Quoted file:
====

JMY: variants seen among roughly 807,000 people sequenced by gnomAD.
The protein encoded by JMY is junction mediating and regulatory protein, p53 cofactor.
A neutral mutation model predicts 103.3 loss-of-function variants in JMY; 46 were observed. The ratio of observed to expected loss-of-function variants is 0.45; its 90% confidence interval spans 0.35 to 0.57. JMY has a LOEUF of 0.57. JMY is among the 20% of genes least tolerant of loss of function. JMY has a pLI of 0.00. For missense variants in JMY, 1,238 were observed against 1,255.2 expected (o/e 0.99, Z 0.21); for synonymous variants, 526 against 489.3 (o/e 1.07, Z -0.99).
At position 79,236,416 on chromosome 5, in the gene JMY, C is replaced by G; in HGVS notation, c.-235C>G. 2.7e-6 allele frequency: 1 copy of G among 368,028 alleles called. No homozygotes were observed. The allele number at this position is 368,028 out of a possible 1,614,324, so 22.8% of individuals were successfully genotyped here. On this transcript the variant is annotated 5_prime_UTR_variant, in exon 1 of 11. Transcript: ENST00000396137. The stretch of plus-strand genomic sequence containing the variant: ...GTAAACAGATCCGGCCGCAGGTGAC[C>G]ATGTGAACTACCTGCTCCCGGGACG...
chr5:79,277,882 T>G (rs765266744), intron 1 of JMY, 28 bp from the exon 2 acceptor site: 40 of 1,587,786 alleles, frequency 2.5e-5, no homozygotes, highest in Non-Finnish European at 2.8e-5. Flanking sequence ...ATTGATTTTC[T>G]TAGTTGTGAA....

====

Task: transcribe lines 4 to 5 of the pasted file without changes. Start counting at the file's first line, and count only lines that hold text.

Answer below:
At position 79,236,416 on chromosome 5, in the gene JMY, C is replaced by G; in HGVS notation, c.-235C>G. 2.7e-6 allele frequency: 1 copy of G among 368,028 alleles called. No homozygotes were observed. The allele number at this position is 368,028 out of a possible 1,614,324, so 22.8% of individuals were successfully genotyped here. On this transcript the variant is annotated 5_prime_UTR_variant, in exon 1 of 11. Transcript: ENST00000396137. The stretch of plus-strand genomic sequence containing the variant: ...GTAAACAGATCCGGCCGCAGGTGAC[C>G]ATGTGAACTACCTGCTCCCGGGACG...
chr5:79,277,882 T>G (rs765266744), intron 1 of JMY, 28 bp from the exon 2 acceptor site: 40 of 1,587,786 alleles, frequency 2.5e-5, no homozygotes, highest in Non-Finnish European at 2.8e-5. Flanking sequence ...ATTGATTTTC[T>G]TAGTTGTGAA....